Del Mar, Calif. (AP) Two-year-old colt Good Magic introduced himself as a Kentucky Derby contender Saturday by making the $2 million Breeders’ Cup Juvenile the first victory of his career.
“Yahoo,” said breeder Barbara Banke of Stonestreet Farms when asked about becoming part of the Kentucky Derby picture.
Overlooked at odds of 11-1 in a field of 12 in the race that in recent years crowned the 2-year-old champion and stamp the early Kentucky Derby favorite, Good Magic did nothing to surprise his trainer, Chad Brown.
“I thought he was a winner every step of the way,” said Brown. “We took a shot because he was a maiden, but he’s developing rapidly.”
With a pair of second-place finishes to his credit – the last in the Grade 1 Champagne Stakes at Belmont Park last month, Good Magic rolled by Solomini entering the stretch and ran off to a 4 1/4-length victory over 11 rivals, with 3-5 favorite Bolt d’Oro finishing third after a troubled trip.
“I think Chad did a remarkable job with this horse, getting him here with great confidence. He did have to talk us a little bit into it because the horse obviously because the horse came in second in his last start. He said, “I think he’s really going to improve. He’s really going to like going a distance.”
Grabbing the top spot among 2-year-olds has not been proven a particularly persuasive achievement when it comes to the resume of a Kentucky Derby winner.
Since the Breeders’ Cup began in 1984, only two of the 33 winners of the Juvenile have gone on to win the Derby – Street Sense in 2006 and Nyquist in 2016.
Only two other Juvenile winners have finished in the money in the Derby – Chief’s Crown (3rd) in 1985, andTimber Country (3rd) in 1995, with 16 previous winners failing to make it into the Derby field.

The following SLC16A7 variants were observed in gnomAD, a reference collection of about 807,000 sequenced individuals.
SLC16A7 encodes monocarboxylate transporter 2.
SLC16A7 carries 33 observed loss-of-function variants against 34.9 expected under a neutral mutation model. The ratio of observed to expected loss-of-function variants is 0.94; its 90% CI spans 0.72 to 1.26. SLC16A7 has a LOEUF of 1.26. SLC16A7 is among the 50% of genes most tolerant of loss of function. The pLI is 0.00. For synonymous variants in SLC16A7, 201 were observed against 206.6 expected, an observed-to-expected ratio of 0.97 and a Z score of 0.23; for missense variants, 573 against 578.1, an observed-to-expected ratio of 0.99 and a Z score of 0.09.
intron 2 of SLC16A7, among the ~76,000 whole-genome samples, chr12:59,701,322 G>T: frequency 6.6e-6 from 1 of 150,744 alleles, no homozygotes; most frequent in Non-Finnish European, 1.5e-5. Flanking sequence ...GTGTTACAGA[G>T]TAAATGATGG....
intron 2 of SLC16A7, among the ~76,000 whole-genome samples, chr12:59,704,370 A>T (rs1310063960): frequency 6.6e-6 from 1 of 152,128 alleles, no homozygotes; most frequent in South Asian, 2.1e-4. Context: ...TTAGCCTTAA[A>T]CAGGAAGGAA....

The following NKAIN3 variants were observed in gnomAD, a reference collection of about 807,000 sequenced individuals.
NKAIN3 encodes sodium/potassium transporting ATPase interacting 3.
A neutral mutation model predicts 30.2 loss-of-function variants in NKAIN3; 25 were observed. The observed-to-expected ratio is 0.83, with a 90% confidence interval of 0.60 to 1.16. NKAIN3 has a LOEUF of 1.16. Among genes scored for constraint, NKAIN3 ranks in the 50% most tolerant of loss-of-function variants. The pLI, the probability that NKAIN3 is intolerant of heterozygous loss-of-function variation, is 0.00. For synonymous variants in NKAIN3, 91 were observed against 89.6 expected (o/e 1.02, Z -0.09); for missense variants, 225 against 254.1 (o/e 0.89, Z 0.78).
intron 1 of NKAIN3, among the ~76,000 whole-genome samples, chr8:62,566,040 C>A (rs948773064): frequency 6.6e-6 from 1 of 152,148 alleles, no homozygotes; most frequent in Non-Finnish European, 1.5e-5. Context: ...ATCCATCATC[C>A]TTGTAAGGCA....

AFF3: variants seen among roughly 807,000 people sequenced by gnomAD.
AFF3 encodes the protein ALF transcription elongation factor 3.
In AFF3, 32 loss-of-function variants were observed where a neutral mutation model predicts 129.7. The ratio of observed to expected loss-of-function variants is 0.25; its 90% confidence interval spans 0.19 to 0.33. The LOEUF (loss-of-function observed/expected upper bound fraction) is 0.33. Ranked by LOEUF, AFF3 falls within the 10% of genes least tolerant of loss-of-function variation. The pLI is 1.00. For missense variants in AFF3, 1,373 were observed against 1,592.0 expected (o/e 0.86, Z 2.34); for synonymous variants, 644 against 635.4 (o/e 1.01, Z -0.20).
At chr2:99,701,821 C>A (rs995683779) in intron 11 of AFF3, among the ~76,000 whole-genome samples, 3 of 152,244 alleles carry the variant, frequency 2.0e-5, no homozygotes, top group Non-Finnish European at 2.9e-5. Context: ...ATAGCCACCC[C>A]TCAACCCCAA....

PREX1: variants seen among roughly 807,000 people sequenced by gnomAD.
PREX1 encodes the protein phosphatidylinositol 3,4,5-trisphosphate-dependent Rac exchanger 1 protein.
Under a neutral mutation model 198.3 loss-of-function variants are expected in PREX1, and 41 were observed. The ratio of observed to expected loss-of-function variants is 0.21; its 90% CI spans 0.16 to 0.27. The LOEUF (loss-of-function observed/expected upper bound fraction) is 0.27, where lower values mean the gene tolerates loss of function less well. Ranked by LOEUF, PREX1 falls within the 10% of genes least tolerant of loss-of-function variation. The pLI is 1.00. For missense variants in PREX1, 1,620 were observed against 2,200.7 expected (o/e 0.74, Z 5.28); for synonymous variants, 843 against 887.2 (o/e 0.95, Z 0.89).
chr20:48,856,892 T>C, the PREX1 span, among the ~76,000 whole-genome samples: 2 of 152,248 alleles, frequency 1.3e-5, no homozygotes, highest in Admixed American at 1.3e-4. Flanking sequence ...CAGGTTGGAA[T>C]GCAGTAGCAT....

Prior to Street Sense winning in 2006, the previous champion 2-year-old colt to go on win the Kentucky Derby was Spectacular Bid in 1979.
Nonetheless, “It sure is a thrill to have a really good 2-year-old in the barn,” said Brown. “They’re so hard to find.”
One of three maidens in the race, Good Magic ran the 1 1/16 miles in 1:43.34 and paid $25, $9.40 and $5.60. The 2-year-old son of former Breeders Cup Classic winner Curlin gave trainer Chad Brown his second victory of these championships.
The race’s 3-to-5 favorite Bolt d’Oro, named for the champion sprinter, Usain Bolt, entered the race a perfect 3-for-3, but was forced extremely wide on the first turn, and while he did move up on the outside on the far turn, his finish was too little too late.
“We were a little wide but it’s horse racing and it is part of what is going to happen,” said Bolt d’Oro’s jockey, Corey Nakatani. “I was trying to get tucked in but with all the traffic, he seemed to be spinning his wheels a little bit.”
Also part of the Kentucky Derby picture was the second-place finisher Solomini, who held off Bolt d’Oro through the stretch.
“He’s improving all the time,” said jockey Flavien Prat of Solomini. “I rode him the whole way and he ran a good race. He’s going to improve race after race.”
And there will be plenty of them between Saturday’s Juvenile and the Kentucky Derby on the first Saturday in May.